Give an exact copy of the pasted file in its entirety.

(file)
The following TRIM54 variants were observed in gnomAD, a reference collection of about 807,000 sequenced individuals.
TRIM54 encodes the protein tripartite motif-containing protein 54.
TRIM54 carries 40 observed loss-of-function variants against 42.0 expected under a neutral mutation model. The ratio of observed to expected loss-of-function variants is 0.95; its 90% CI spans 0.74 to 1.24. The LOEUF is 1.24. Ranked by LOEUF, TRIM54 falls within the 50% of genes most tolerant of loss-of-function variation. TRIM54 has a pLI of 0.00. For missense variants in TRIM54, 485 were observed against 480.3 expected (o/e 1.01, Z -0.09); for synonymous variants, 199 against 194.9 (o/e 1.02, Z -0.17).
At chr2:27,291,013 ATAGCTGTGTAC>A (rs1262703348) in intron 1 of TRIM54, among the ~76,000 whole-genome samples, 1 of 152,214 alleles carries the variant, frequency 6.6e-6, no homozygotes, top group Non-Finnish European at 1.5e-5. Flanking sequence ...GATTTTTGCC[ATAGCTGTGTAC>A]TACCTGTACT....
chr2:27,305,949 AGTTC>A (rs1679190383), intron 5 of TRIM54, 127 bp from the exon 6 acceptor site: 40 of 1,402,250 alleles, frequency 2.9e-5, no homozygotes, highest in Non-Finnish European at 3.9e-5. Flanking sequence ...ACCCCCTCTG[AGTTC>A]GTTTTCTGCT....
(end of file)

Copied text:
The following TRIM54 variants were observed in gnomAD, a reference collection of about 807,000 sequenced individuals.
TRIM54 encodes the protein tripartite motif-containing protein 54.
TRIM54 carries 40 observed loss-of-function variants against 42.0 expected under a neutral mutation model. The ratio of observed to expected loss-of-function variants is 0.95; its 90% CI spans 0.74 to 1.24. The LOEUF is 1.24. Ranked by LOEUF, TRIM54 falls within the 50% of genes most tolerant of loss-of-function variation. TRIM54 has a pLI of 0.00. For missense variants in TRIM54, 485 were observed against 480.3 expected (o/e 1.01, Z -0.09); for synonymous variants, 199 against 194.9 (o/e 1.02, Z -0.17).
At chr2:27,291,013 ATAGCTGTGTAC>A (rs1262703348) in intron 1 of TRIM54, among the ~76,000 whole-genome samples, 1 of 152,214 alleles carries the variant, frequency 6.6e-6, no homozygotes, top group Non-Finnish European at 1.5e-5. Flanking sequence ...GATTTTTGCC[ATAGCTGTGTAC>A]TACCTGTACT....
chr2:27,305,949 AGTTC>A (rs1679190383), intron 5 of TRIM54, 127 bp from the exon 6 acceptor site: 40 of 1,402,250 alleles, frequency 2.9e-5, no homozygotes, highest in Non-Finnish European at 3.9e-5. Flanking sequence ...ACCCCCTCTG[AGTTC>A]GTTTTCTGCT....